This is also a good response for when you feel skeptical of the apology, and you feel as though the person might not be very sincere. It does not show much emotion, but instead is a safe way to move on from the conversation without letting your guard down.
“I appreciate your apology”
Telling someone you appreciate their apology is a good way to show them that you do care and that them apologizing to you does mean something, but it is not ultimately granting them complete forgiveness for what they have done.
If their apology has made you quite emotional and you do not want to commit to response right there, this is a good response to have. It still shows that you are willing to think things through and you are willing to maybe engage in conversation down the line, but not right now.
It is also a good way to let the person know that you acknowledge how difficult it might have been for them to apologize and make themselves vulnerable to you. We all know how hard it can be to open yourself up for forgiveness, and appreciating someone for doing this is a step in the right direction.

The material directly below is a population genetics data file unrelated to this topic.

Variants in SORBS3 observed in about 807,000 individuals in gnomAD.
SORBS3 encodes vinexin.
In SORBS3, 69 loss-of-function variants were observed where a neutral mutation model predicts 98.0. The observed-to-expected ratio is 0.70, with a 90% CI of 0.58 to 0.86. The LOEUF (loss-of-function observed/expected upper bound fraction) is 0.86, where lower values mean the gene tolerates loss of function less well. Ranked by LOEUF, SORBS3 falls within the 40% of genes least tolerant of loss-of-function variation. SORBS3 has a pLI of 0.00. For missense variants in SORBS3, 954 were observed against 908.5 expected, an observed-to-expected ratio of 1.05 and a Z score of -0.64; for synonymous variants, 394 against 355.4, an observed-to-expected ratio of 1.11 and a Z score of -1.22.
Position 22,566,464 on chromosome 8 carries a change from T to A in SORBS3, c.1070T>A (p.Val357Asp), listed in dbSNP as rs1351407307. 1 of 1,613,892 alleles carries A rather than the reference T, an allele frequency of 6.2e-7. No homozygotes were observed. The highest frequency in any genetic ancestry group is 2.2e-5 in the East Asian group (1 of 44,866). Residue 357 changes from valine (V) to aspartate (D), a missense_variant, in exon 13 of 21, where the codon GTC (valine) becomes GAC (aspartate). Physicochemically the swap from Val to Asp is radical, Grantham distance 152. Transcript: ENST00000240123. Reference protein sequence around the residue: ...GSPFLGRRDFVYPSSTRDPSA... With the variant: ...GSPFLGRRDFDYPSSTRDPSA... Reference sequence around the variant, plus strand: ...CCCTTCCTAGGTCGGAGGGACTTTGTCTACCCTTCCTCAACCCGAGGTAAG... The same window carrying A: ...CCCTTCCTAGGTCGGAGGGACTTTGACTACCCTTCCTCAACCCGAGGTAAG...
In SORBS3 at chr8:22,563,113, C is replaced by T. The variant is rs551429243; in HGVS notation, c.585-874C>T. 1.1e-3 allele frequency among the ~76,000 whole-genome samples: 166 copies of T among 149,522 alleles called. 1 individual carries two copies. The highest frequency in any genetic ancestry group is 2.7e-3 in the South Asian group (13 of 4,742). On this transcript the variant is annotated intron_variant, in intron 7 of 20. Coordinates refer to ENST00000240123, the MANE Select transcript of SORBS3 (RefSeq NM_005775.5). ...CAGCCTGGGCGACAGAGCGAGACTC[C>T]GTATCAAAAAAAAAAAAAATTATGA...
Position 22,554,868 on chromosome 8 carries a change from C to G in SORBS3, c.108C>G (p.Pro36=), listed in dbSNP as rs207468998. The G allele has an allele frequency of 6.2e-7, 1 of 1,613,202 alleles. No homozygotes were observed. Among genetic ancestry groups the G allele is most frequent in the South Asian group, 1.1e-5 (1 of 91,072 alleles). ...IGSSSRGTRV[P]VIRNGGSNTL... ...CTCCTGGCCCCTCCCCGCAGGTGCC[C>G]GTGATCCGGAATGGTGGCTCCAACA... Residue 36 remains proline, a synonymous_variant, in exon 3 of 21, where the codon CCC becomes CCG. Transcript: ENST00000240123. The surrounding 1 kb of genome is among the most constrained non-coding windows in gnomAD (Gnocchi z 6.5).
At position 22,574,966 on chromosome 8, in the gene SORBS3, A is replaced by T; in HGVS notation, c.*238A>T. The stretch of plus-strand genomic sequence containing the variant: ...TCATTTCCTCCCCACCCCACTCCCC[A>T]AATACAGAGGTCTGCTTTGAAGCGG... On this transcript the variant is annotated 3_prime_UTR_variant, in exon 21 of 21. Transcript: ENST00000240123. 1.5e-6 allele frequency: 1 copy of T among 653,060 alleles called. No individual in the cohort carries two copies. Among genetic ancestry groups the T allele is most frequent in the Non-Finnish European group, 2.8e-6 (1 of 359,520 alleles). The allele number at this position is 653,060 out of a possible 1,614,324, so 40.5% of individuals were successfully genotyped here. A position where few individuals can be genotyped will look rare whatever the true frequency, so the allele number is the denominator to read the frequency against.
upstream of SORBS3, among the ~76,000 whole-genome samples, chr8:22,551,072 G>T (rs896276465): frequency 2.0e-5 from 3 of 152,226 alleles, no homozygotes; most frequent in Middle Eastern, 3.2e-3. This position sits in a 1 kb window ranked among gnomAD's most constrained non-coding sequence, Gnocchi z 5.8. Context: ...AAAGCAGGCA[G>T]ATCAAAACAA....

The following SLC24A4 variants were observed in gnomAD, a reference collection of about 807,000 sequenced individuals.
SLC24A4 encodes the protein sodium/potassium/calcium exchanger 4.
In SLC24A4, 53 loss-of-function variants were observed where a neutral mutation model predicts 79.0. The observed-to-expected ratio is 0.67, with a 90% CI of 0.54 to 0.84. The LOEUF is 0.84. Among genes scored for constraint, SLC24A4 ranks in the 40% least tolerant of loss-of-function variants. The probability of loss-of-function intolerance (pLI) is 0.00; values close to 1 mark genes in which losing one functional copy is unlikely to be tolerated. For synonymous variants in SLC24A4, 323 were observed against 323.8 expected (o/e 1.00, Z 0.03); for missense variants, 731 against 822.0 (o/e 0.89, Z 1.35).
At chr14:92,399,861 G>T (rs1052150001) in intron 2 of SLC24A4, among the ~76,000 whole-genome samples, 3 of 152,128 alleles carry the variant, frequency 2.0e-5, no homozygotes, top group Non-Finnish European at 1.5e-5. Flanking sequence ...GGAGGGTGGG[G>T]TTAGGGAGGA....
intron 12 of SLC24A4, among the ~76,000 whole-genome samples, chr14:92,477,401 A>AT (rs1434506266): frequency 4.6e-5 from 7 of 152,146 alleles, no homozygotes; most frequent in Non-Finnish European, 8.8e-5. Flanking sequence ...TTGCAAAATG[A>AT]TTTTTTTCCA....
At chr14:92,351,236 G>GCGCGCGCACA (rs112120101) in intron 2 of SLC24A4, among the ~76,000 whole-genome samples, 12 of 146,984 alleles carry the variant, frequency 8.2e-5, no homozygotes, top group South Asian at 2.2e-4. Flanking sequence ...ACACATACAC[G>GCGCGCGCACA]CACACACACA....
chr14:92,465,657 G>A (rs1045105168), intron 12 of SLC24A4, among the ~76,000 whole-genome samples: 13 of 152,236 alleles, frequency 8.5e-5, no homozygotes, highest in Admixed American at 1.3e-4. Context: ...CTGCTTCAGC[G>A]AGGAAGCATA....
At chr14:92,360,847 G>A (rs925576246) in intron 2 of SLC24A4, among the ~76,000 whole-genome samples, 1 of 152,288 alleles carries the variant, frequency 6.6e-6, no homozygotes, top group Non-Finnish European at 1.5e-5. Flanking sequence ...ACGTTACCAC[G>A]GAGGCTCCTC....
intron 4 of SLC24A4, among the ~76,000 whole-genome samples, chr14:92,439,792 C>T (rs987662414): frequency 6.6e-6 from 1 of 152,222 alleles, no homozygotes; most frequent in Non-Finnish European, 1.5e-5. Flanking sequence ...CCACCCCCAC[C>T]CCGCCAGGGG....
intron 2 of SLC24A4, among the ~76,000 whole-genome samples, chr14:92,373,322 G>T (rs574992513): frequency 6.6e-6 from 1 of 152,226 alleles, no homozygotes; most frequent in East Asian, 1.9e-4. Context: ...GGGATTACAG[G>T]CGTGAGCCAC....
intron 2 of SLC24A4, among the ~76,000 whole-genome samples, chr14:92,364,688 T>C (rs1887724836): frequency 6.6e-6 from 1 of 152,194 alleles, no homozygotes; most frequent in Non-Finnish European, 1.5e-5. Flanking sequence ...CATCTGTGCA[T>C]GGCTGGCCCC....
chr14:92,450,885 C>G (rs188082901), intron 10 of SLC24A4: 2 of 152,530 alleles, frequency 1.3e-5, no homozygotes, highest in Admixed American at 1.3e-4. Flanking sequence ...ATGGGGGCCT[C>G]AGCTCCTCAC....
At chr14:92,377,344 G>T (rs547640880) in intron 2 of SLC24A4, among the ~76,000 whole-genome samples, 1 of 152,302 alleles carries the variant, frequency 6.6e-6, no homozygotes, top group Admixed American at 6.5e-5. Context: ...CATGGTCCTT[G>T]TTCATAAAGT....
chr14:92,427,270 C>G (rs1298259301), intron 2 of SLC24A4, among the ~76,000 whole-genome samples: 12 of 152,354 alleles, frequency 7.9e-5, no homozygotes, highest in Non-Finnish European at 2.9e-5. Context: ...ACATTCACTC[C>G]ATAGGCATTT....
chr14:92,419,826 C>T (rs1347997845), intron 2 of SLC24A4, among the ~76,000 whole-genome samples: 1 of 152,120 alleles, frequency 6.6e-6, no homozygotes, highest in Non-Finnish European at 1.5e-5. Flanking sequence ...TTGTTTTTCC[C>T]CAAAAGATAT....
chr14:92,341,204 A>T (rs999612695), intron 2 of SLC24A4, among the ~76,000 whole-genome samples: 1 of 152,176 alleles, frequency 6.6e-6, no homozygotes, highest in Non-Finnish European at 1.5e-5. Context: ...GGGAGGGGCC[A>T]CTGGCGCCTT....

It is a kind and caring response, without letting the person think that you have forgiven them straight away.
“I need time, but I accept your apology”
If you are not sure how you feel at the moment but know the time will come when you do forgive the person, this is a good response to use.
It shows empathy for the person apologizing and shows that you appreciate the apology and the vulnerability the other person might be feeling. However, it still buys you some time to think things over and really asses how you feel.
When it comes to forgiving someone, or saying that everything is okay, you need to feel confident in yourself. It cannot be something that is rushed, so giving yourself the time needed to heal and consider the situation is vital.
“I know apologizing isn’t easy, but we need to talk another time”
For when you just aren’t ready to hear an apology yet, and your emotions are still too real and you are still angry or hurt, you can give this as a response.